ollected, dating back to In eight total meetings, the
vas on display. The historic Nittany Lion men have never
of bronzed plaques and beat the Wolverines. The
and glass cups stretched Cavaliers will hope to get the
'ngth of better of
3l while Michigan
olverines . in the two
ed. The battle is not schools' first
ngly, the *A * 1 meeting.
update by any individual Penn
national but by the te " State's
gs has women are
the undefeated
an men's this year,
sing and having beaten
team at No. 1. The jump their past five opponents. The
ings came after Michigan Virginia women, on the other
o. 2 Texas in a close meet hand, have yet to get their
me down to the final race season underway, but are
Arbor last weekend. receiving national attention for
us to have that No. 1 sophomoreLeahSmith,whowas
g on the men's side gives recently chosen to represent the
letes confidence that we're United States at the FINA World
n the right direction," said Championships this summer.
an coach Mike Bottom. Though it willbe a challenging
I compliment, especially meet, the Wolverines have shown
such young talent on both their ability to compete under
n's and women's sides." pressure.
or captain Justin Glanda "When put into a competitive
his team still has to prove environment, our team
of the recognition if it understands that the battle is
to add to the collection of won not by any individual but by
s. the team itself," Bottom said.
great, but also with And just in case the
ranking) comes the anticipation of this weekend
tanding that it's a long at Penn State hasn't motivated
," Glanda said. "Early- the team, practicing alongside a
rankings don't mean that parade of trophies all week has
Come spring, we have to certainly done the trick.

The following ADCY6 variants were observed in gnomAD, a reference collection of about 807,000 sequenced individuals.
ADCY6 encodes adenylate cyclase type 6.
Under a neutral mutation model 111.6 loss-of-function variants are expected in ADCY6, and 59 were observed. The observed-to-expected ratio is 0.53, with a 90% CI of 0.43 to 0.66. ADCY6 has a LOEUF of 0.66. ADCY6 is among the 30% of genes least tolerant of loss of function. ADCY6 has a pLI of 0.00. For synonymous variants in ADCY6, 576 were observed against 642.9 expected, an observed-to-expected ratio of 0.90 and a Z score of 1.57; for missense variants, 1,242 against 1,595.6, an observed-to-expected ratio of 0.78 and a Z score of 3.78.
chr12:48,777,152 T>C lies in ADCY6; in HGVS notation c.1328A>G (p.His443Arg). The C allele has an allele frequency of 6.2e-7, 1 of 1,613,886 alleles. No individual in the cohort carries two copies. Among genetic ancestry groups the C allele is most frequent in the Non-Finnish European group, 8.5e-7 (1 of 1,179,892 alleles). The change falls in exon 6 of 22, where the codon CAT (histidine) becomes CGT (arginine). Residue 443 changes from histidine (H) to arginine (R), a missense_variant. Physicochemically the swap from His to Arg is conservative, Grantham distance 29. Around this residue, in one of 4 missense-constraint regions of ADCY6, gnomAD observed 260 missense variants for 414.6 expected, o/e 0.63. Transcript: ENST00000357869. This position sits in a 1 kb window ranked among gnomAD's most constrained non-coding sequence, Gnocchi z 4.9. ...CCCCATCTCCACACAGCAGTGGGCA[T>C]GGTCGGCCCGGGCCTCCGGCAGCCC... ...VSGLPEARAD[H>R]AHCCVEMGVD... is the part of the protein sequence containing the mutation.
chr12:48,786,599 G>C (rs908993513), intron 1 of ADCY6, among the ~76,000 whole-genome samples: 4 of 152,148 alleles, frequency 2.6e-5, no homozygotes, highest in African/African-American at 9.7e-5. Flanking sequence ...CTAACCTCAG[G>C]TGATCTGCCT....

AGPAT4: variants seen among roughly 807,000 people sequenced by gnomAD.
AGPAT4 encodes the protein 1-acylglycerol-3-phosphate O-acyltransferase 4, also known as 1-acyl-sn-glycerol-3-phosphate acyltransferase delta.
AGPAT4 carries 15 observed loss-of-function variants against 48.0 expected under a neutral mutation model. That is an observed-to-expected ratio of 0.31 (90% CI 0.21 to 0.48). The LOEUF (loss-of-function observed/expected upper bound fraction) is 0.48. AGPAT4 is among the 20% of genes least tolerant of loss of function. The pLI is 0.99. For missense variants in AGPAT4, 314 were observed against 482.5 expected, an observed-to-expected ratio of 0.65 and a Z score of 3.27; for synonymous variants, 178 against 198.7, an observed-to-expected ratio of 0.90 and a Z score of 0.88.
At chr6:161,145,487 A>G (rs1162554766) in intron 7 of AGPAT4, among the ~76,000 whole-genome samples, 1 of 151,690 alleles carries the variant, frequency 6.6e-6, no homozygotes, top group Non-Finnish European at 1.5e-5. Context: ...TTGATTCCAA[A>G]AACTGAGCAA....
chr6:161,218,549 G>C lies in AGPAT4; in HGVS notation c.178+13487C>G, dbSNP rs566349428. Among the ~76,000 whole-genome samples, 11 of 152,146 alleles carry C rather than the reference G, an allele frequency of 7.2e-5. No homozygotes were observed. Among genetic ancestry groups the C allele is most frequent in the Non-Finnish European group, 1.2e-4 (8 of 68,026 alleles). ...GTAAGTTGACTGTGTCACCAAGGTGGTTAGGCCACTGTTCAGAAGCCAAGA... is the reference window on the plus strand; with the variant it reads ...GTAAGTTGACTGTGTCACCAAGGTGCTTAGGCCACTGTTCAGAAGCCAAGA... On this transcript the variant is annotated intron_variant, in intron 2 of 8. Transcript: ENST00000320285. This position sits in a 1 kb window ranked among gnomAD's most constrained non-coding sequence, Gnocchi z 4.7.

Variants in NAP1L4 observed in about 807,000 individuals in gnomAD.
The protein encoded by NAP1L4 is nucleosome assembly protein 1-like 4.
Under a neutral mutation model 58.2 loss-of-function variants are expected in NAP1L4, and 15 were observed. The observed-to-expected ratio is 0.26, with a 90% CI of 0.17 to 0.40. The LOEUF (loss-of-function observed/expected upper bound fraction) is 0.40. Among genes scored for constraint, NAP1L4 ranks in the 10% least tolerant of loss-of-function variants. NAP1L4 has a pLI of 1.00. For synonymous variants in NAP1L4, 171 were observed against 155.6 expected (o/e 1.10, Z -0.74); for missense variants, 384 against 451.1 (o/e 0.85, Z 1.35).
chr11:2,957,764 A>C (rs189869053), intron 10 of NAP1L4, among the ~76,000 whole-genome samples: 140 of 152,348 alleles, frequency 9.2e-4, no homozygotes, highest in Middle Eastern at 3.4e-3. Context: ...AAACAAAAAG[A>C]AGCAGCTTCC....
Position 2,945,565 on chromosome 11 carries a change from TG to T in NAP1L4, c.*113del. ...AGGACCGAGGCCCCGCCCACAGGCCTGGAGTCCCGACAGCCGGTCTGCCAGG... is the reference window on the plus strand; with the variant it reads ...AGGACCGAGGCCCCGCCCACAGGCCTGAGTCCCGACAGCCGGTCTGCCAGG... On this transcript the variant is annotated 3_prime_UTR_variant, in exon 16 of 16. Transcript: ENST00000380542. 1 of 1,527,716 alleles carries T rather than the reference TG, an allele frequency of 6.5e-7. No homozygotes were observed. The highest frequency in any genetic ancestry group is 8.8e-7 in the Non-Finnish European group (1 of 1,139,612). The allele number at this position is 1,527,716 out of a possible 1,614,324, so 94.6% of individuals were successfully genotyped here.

to start cheering for Berenson
and the Blues. By the second
intermission, the game was well
out of reach - a 5-0 blowout.
With just under six minutes
left in the game, he lined a
slapshot up that was supposed
to go to the far side. Instead,
Berenson's shot went in the
opposite direction, over Doug
Favell's right shoulder and into
the back of the net.
"Everybody said 'great shot,"'
Berenson recalled with a smile.
"It was a great shot, but it wasn't
where I wanted it to go. But it
was one of those nights. The
puck went in."
He never got seven, but that
was fine by Berenson. It would
have been OK if St. Louis had
just won the game. He says the
team was more excited about the
accomplishment than he was.
Two or three weeks later -

Berenson says he would have
remembered the timeframe
if asked 20 years ago - Sid
Salomon Jr. and Sid Salomon III
held an event to honor Berenson.
They brought in his family from
Saskatchewan, Canada, and
made a real celebration about
his accomplishment. All of this
came as a complete surprise to
Berenson.
To show Berenson their
respects, his teammates worked
together to buy him a new and
polished shotgun to present
at the event. The Salomons
bought Berenson a brand-new
Chevrolet station wagon with a
canoe tied to the top of it. The
license plate reads "RB6666."
He still has it tucked away
somewhere safe.
Today, Berenson still says
reporters and friends will never
let him forget about it. How

could he, though? How could
anyone forget the magical night
in Philadelphia?
He never talks about what
happened on Nov. 7,1968 withhis
team. Junior forward Andrew
Copp and sophomore forward
JT forward Compher said they
found out about the incredible
feat when teammates mentioned
it in the locker room. Everyone
knows about it, nonetheless.
Senior defenseman Andrew